Ticketmaster Blog Editor, Jessica Bridgeman, tells us why the return of The King Blues (and their upcoming tour with Enter Shikari and The Wonder Years) is something to celebrate.
At a time when the music industry has felt the impact of the world around it more than ever, the return of The King Blues doesn’t feel like a reunion for reunions sake.
There’s no escaping the nervousness, trembles and unexplainable knock-on effect the horrific events in Paris have had the world over, and it requires the kind of unity spurred on by bands like The King Blues to reinspire confidence and spirit in the live music scene. It’s not a solution by any means, but in my opinion, it’s a helping hand.
For many, music is an escape. Be it a simple relief from everyday life or the channel through which we release our rawest emotions; I’d argue that nowhere is this sense of escapism felt more genuinely than at a punk show. Punk can be defined in various forms, of course, but whatever you consider it to be, there’s no denying that The King Blues have long been one of the most punk examples of modern British music. Both in spirit and talent, the London mob’s particular blend of folk and ska fast became the soundtrack to challenge ideals and issues of a generation that felt misrepresented and, yes, misunderstood. Sure, it reads like the plot for a money-spinning tale of youth in revolt, but for those who felt more informed by The King Blues’ smart lyricism and no-fear approach to conforming circa 2004, their reunion couldn’t have come soon enough.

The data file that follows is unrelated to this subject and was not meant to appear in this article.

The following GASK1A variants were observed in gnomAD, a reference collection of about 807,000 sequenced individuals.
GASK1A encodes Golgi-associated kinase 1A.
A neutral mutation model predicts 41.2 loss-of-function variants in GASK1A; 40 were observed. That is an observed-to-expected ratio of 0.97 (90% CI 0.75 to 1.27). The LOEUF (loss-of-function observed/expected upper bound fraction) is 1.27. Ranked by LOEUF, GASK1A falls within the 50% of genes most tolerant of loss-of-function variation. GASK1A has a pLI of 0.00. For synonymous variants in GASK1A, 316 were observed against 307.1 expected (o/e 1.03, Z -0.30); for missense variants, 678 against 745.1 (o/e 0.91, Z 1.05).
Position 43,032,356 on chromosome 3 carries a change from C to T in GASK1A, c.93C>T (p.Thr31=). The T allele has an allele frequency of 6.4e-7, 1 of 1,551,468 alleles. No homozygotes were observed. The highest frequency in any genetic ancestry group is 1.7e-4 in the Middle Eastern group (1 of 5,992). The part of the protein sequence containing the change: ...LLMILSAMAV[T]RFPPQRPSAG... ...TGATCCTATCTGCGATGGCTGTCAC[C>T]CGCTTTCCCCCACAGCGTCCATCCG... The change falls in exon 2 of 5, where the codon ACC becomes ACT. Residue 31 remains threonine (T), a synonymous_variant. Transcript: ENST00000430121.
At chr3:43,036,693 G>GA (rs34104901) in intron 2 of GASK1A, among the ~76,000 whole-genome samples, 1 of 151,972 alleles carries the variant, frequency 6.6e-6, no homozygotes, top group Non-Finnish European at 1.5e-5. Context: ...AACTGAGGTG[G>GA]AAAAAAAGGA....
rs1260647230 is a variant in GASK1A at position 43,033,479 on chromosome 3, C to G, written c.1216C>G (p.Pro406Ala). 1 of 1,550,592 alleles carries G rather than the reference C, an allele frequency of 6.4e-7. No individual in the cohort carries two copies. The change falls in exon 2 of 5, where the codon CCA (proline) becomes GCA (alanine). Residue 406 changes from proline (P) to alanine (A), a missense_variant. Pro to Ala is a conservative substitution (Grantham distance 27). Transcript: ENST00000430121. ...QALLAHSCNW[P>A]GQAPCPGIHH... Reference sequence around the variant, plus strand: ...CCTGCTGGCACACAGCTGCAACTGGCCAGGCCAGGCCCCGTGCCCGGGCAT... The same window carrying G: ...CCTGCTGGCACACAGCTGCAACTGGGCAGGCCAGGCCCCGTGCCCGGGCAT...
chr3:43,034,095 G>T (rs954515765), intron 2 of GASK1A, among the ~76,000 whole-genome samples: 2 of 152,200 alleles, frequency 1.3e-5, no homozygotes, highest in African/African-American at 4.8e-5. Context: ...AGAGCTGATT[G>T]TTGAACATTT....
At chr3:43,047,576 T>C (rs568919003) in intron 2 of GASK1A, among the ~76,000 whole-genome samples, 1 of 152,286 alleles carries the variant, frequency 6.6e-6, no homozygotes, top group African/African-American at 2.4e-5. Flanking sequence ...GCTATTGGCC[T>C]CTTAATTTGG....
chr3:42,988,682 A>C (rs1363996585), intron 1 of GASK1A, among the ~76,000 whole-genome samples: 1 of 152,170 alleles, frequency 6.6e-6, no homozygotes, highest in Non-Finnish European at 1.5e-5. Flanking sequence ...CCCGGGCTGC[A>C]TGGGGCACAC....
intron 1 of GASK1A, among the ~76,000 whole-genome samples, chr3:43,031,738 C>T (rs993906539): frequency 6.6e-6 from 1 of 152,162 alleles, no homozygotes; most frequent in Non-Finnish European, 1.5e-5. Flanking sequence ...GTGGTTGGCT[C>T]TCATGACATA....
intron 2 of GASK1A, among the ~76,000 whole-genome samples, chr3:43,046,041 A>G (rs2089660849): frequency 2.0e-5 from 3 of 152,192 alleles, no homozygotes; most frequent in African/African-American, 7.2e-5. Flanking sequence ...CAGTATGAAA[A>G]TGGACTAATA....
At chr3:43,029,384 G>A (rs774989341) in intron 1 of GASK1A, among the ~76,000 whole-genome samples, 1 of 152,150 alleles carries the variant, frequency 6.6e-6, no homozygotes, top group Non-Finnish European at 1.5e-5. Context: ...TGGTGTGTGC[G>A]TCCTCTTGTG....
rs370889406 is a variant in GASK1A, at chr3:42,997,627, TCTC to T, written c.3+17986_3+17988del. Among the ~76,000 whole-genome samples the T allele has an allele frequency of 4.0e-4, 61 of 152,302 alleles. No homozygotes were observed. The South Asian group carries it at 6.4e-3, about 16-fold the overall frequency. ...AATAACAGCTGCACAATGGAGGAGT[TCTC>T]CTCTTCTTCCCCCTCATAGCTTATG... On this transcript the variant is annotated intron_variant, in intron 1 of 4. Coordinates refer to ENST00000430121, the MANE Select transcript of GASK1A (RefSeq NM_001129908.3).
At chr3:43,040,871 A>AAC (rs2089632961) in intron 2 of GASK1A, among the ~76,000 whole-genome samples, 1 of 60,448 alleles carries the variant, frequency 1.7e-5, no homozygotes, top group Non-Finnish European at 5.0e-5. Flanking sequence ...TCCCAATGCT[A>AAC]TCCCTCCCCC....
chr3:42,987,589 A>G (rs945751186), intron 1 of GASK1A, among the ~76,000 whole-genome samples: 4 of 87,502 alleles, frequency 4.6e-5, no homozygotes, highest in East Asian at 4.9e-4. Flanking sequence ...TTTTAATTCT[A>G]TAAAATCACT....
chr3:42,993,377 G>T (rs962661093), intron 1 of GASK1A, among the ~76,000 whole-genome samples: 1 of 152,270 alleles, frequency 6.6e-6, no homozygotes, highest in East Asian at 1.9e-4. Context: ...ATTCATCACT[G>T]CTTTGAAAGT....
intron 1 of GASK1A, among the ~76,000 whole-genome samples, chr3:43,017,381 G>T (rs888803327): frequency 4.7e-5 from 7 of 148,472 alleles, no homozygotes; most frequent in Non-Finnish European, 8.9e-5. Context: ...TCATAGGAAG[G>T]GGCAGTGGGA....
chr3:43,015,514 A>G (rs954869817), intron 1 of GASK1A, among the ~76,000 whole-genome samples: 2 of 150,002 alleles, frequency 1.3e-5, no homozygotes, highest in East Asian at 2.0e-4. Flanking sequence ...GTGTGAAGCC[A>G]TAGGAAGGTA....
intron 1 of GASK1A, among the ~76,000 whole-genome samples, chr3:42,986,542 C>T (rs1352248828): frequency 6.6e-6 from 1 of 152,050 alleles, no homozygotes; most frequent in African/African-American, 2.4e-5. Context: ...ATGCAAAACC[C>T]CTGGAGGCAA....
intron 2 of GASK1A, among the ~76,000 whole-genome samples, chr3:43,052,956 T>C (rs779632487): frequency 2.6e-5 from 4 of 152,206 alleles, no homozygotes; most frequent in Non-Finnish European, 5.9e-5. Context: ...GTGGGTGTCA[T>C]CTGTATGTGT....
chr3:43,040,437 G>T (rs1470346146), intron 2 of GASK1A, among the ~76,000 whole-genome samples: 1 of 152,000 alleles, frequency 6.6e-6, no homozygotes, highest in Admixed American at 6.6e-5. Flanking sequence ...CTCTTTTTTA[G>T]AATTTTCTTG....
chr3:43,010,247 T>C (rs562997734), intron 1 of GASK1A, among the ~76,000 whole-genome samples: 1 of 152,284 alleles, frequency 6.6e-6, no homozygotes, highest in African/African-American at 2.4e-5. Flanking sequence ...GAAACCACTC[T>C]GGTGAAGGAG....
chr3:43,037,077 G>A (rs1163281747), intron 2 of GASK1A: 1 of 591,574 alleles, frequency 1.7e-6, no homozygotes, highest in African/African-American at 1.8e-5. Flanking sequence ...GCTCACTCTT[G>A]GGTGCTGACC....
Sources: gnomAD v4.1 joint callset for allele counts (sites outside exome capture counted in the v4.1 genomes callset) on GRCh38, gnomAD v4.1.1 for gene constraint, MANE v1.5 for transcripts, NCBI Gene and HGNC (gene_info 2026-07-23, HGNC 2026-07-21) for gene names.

In February 2016, The King Blues join Enter Shikari and The Wonder Years on tour across the UK. They’ll play seven huge shows including Nottingham’s Capital FM Arena, Cardiff Motopoint Arena and London’s Alexandra Palace.
The three bands have few genre ties. The Wonder Years are unmatchable leaders in an oversaturated pop-punk scene, while Enter Shikari are the St Albans professors of a modern rock sound that few have managed to emulate. But as Enter Shikari frontman, Rou Reynolds, puts it so perfectly: “Here’s three bands who – even though they approach it from different directions – create music that stems from punk; and carry its spirit, its invigorating power, and its willingness to engage with issues both personal and social.”
Adding: “The King Blues are such an important British band. With music influenced by many different genres and cultures, and lyrics that represent and reinforce the people. Its great to have them back.”
Welcome back, The King Blues.
Enter Shikari tour the UK with The Wonder Years and The King Blues between 18 – 27 February 2016 – get tickets.